Within the span of a couple weeks, a number of big things have happened around FDA's Office of In Vitro Diagnostics (OIVD). Chief among these:
- FDA posted "untitled" letters it sent to the leading direct-to-consumer genomics firms and a key instrument vendor. These letters state FDA's opinion that the tests and services in question are medical devices subject to regulation.
- FDA commissioner Margaret Hamburg and NIH director Francis Collins co-wrote an opinion piece in the New England Journal of Medicine about the regulation of personalized medicine. The editorial stated that regulatory agencies intend to "help make personalized medicine a reality" by making "substantial investments in infrastructure and standards" to produce "better outcomes" for patients.
- FDA announced they are holding two days of public meetings to discuss the level of enforcement that will be shown toward Laboratory-Developed Tests (LDTs). The announcement was pretty blunt: "FDA believes that a risk-based application of oversigh to LDTs is the appropriate approach."
- CDRH director Jeffrey Schuren publicly acknowledged that FDA is finally pulling the plug on IVDMIA.
Taken separately, any one of these events is significant. Indeed, every one of them generated brief articles in several industry publications. These are not unrelated announcements, however. Instead, these announcements are a window through which we can see that a different reality has already taken hold at OIVD.
The new reality is that OIVD no longer sees much advantage to observing a significant distinction between IVDs and LDTs.
Industry asked for consistency on LDTs and now it looks like we're going to get it: Most products that currently enjoy "enforcement discretion" will lose that status in the foreseeable future. Can't get much more consistent than that.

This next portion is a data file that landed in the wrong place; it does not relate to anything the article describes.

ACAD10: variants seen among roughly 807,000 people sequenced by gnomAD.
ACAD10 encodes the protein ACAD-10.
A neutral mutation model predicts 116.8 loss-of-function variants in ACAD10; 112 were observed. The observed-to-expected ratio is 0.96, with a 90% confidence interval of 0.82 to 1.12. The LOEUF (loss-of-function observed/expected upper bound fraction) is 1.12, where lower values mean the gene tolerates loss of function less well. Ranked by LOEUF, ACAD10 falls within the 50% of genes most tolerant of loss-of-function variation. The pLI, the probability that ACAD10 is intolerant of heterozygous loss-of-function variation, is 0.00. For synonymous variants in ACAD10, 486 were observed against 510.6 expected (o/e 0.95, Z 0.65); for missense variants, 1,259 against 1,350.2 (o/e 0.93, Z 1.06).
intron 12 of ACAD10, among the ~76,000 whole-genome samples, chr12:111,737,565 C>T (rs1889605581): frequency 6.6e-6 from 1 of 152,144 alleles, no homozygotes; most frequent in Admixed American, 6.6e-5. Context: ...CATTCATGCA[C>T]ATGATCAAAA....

FDA has announced that it is "seeking input" on this change. Let's be clear, though... this change in enforcement is a done deal and your suggestions to the contrary won't amount to a pile of 23andMe test results.
The only meaningful questions left to ask now are who's next and whether it's possible to come up with a regulatory plan before it's your turn.
How can I be so sure? Because I've watched this change in thinking take hold gradually as I've attended numerous pre-IDE meetings and reviewed untitled letters that didn't get published on FDA's web site. I've privately suspected that the trend was going this direction for a while, but even in public, FDA has broadly hinted at big changes. Most of what is significant about last week's news is that it no longer requires special knowledge to see which way the wind is blowing. They've laid it all out for us.
Last week's "untitled" letters were the opening salvo of the public campaign, but they weren't news to most of the recipients. What happened last week was a spectacle staged for public consumption... a bit like the recap on a TV show in case you missed the last episode. They have now served that purpose and the next round of letters will be a great deal less courteous.
FDA understands that suppliers are the Achilles Heel of the LDT industry. LDT makers can argue all they want about whether they should be allowed to do what they do... but if they can't buy an instrument or reagent, they've got big problems. Modern medical testing is too complex to do without the help of sophisticated partners and that type of partner will have too much riding on their investments to risk being drawn into this mess.
As the Illumina letter illustrated, they are also going after the CLIA labs' key partners, such as instrument and reagent suppliers. Illumina's letter wasn't the first or only untitled letter we've seen regarding provision of RUO products to labs doing diagnostic testing. It certainly won't be the last. FDA could have sent that letter to dozens of companies, but they only needed to publicize one in order to put all suppliers on notice.
Without having to flex even one new muscle, FDA will effectively isolate LDT marketers from the industry mainstream. The rest of industry will ultimately have to choose between maintaining their LDT sales or their reputations.
FDA is keeping this deliberately low-key right now, but they couldn't possibly be more clear about what they intend to do. Anyone who plans to market a test related to human health beyond the next couple years should be sitting up and paying very careful attention to what is happening now. Enforcement may not come to your neck of the woods for a few years, but it may take years for you to do the work required for compliance.